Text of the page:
Raise your hand if you remember Karaoke at the Atlantic Connection. Hmmm. How about at Season’s? Anyone?

About twenty years ago, I used to meet three of my women friends weekly for Bad Singingstock at Seasons. Not regular churchgoers, and needing a uvular outlet, we carpooled, two and two, every Wednesday night. One would scurry in to secure a table and snatch a handful of the Xeroxed and third-cut slips of paper where we’d write our names and our choice of song. A plastic-enclosed song list already sat on each table. The first in got first choice.

Right around eight, the lights dimmed and we’d pull out reading glasses, pens and a flashlight. The list was in mice type, it was dark, and they only supplied one pencil per table. We knew each other’s preferences, as well as the other regulars’ and seldom chose a tune that we considered “reserved.” If, however, a regular didn’t show up, his or her song was fair game. We’d time our drinking, sipping more quickly at the beginning of the evening to fortify our courage, then carefully rationing to maintain our false bravery without becoming too drunk to read the lyrics.

Our favorite was “Copacabana” by Barry Manilow. One of us sang the lead, while the other three squeezed behind her on the tiny platform for back-up. We had the moves. We didn’t have the voices.

Some of the regulars were five or six special needs people and they usually performed as a group. Because their reading skills were usually not follow-along worthy, it was purely accidental if one sang a word or note at the same time as another. One of us would frequently join them, singing loudly in an attempt to corral the dissonance into a cohesive whole. Although that didn’t often work, the attending year-rounders would applaud as if it were John Denver himself performing “Country Roads.” The tourists turned to each other with confounded expressions. “It wasn’t that good,” they’d whisper to each other.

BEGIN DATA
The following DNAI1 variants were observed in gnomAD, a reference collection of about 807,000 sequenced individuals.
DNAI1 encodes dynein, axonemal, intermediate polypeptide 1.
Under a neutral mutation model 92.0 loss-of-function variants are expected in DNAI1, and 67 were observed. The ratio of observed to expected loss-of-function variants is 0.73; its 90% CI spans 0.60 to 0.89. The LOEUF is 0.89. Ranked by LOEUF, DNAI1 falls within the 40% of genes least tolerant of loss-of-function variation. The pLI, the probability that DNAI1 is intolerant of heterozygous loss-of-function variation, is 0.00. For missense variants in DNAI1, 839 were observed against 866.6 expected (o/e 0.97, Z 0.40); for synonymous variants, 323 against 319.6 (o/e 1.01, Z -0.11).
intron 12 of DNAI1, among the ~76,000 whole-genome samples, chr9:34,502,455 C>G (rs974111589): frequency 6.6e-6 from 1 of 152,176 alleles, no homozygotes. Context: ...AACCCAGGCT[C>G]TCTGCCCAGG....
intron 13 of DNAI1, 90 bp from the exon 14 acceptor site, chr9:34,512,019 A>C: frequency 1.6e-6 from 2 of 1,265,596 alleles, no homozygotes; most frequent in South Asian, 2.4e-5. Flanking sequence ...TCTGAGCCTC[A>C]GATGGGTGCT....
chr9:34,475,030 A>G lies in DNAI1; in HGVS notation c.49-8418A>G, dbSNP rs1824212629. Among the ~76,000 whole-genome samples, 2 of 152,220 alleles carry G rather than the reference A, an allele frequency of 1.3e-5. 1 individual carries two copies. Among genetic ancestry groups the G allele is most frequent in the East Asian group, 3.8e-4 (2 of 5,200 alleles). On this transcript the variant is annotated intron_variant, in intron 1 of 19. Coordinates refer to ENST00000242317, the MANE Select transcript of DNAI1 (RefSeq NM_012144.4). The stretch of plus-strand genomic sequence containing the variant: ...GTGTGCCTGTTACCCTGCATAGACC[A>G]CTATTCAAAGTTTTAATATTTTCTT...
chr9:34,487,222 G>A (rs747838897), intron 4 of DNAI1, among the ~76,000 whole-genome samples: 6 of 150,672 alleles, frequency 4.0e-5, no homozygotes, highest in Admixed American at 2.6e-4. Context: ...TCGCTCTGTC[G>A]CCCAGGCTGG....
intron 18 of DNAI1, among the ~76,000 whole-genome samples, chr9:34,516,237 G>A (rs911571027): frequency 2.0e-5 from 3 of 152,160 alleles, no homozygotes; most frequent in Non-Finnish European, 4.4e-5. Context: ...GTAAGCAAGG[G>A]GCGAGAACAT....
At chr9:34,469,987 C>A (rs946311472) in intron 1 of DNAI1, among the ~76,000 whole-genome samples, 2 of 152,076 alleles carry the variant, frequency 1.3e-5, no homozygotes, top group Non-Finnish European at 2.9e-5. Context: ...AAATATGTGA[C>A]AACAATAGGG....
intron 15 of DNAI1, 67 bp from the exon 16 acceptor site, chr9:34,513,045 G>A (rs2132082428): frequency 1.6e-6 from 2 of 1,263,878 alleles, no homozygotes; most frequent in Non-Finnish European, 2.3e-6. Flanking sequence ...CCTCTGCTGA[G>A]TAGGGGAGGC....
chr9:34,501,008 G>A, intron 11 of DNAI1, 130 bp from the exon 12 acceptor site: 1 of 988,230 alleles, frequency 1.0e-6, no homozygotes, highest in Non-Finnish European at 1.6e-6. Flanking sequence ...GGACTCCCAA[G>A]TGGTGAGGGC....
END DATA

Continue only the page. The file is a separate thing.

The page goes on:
A guy named Mike, now long gone from the Island, presided over the proceedings. I don’t know what they paid him, but it wasn’t enough. There were many participants who might be referred to as “Perpetually Displeased.” He didn’t call them up soon enough. He called them too soon. He let someone else sing their song even though their slip was in first. He supplied the first note, even though they knew it or he didn’t help them get on key when he should have. When there was a contest, it was never fair. “I was much better than her,” someone would complain. “I think he’s dating her,” someone else would snipe. Please. We were all bad. The contest frequently came down to who wasn’t too drunk or awful.

I won – once. It was a total surprise because I know I am not a good singer. “Oh, you’re just being modest,” you pooh-pooh. No. Although I have my days, it’s pretty much agreed upon that I will never be a famous warbler unless bad singing suddenly becomes a trend. I have a half-octave range and I don’t know how to use it.

I won because I was funny. When I mounted the stage to sing, I said something like, “That’s a hard act to follow. I guess the best I can hope for is Miss Congeniality.” (And now you heard that line and I can’t use it again.) Also, it was a slow night, and the only other person who came close to qualifying had won the last three weeks in a row. But I agreed to believe I won for singing talent.

The prize was, get this, dinner for one at Seasons. Of course you’re going to bring someone else. Clever, these Americans.